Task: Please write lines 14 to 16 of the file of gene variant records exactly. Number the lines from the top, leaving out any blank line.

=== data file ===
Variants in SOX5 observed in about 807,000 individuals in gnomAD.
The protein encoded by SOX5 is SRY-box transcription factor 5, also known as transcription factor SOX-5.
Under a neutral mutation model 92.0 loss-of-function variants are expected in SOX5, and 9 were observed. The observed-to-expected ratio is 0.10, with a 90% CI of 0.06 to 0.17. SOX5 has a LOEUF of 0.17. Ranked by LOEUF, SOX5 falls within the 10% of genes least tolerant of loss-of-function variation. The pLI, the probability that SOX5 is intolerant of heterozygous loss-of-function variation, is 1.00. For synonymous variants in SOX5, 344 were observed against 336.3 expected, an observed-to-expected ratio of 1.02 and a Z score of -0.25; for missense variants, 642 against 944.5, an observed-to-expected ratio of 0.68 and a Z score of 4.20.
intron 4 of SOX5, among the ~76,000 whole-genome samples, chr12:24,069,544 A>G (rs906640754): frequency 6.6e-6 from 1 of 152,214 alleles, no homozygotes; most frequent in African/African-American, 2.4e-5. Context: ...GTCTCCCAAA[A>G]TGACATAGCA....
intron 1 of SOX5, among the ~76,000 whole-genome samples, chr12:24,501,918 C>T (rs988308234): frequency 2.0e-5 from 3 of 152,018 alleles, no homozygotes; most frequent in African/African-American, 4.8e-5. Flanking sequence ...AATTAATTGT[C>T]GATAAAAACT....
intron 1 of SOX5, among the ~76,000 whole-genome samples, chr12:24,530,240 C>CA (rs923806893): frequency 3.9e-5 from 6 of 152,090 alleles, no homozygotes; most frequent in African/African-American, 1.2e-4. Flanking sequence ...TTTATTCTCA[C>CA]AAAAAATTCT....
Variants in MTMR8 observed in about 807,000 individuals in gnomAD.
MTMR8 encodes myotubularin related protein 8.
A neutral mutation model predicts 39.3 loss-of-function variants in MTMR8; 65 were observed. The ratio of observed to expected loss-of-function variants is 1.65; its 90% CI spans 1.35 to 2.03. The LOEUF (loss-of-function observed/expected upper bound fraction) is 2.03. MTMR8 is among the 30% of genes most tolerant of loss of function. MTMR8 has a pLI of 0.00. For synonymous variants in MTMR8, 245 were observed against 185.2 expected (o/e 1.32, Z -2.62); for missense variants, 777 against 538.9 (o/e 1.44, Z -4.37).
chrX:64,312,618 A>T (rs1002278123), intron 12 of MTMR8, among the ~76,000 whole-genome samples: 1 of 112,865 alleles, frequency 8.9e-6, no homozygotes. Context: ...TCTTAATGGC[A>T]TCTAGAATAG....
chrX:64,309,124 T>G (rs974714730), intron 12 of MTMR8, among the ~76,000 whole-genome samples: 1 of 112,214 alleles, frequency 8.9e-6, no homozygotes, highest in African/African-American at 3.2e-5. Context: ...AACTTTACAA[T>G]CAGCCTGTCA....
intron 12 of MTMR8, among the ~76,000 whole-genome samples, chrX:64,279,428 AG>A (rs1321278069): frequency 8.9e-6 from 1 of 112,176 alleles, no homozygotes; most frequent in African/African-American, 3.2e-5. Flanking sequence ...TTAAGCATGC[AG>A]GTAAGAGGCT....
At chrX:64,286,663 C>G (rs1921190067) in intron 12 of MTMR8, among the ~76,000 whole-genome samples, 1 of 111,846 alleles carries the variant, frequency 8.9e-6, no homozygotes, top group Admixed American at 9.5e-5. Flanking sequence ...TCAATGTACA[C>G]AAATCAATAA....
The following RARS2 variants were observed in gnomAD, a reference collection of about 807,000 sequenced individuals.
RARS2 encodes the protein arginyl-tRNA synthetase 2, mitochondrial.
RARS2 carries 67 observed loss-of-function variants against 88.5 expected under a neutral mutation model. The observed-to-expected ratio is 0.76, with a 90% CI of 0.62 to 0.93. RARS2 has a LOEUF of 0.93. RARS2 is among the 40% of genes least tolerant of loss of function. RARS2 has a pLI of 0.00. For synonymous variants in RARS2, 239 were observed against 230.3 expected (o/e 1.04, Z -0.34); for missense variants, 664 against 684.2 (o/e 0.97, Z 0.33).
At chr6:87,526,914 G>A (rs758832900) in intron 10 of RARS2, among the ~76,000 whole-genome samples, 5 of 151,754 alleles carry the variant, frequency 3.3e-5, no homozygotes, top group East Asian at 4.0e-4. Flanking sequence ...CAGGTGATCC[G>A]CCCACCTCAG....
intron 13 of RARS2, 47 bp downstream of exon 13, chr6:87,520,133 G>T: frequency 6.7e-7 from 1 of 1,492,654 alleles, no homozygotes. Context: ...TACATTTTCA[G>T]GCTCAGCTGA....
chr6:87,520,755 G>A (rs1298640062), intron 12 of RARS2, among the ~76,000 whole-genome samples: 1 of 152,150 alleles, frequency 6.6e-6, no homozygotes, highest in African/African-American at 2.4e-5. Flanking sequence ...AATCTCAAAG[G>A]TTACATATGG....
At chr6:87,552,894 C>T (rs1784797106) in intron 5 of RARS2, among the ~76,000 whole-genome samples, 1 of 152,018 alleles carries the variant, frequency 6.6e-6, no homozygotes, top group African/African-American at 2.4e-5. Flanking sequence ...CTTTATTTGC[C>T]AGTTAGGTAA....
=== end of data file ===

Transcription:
The following RARS2 variants were observed in gnomAD, a reference collection of about 807,000 sequenced individuals.
RARS2 encodes the protein arginyl-tRNA synthetase 2, mitochondrial.
RARS2 carries 67 observed loss-of-function variants against 88.5 expected under a neutral mutation model. The observed-to-expected ratio is 0.76, with a 90% CI of 0.62 to 0.93. RARS2 has a LOEUF of 0.93. RARS2 is among the 40% of genes least tolerant of loss of function. RARS2 has a pLI of 0.00. For synonymous variants in RARS2, 239 were observed against 230.3 expected (o/e 1.04, Z -0.34); for missense variants, 664 against 684.2 (o/e 0.97, Z 0.33).